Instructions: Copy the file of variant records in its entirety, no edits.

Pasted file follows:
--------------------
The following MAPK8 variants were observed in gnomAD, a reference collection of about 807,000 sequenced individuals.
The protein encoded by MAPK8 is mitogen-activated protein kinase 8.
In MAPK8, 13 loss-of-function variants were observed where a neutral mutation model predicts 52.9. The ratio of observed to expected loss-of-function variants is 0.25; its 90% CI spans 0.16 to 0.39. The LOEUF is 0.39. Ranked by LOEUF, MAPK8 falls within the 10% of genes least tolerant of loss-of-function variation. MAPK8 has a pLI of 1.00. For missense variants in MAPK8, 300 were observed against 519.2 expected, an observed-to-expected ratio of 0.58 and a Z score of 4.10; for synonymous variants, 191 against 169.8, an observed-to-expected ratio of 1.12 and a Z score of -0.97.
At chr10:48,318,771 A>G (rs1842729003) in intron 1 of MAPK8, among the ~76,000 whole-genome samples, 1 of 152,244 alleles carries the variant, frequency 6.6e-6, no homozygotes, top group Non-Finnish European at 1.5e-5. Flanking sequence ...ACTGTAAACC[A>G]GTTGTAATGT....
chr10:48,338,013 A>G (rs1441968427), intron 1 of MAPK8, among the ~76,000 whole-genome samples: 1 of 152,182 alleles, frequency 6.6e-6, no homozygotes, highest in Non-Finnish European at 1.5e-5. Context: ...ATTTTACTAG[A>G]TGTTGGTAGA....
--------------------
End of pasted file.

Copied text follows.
The following MAPK8 variants were observed in gnomAD, a reference collection of about 807,000 sequenced individuals.
The protein encoded by MAPK8 is mitogen-activated protein kinase 8.
In MAPK8, 13 loss-of-function variants were observed where a neutral mutation model predicts 52.9. The ratio of observed to expected loss-of-function variants is 0.25; its 90% CI spans 0.16 to 0.39. The LOEUF is 0.39. Ranked by LOEUF, MAPK8 falls within the 10% of genes least tolerant of loss-of-function variation. MAPK8 has a pLI of 1.00. For missense variants in MAPK8, 300 were observed against 519.2 expected, an observed-to-expected ratio of 0.58 and a Z score of 4.10; for synonymous variants, 191 against 169.8, an observed-to-expected ratio of 1.12 and a Z score of -0.97.
At chr10:48,318,771 A>G (rs1842729003) in intron 1 of MAPK8, among the ~76,000 whole-genome samples, 1 of 152,244 alleles carries the variant, frequency 6.6e-6, no homozygotes, top group Non-Finnish European at 1.5e-5. Flanking sequence ...ACTGTAAACC[A>G]GTTGTAATGT....
chr10:48,338,013 A>G (rs1441968427), intron 1 of MAPK8, among the ~76,000 whole-genome samples: 1 of 152,182 alleles, frequency 6.6e-6, no homozygotes, highest in Non-Finnish European at 1.5e-5. Context: ...ATTTTACTAG[A>G]TGTTGGTAGA....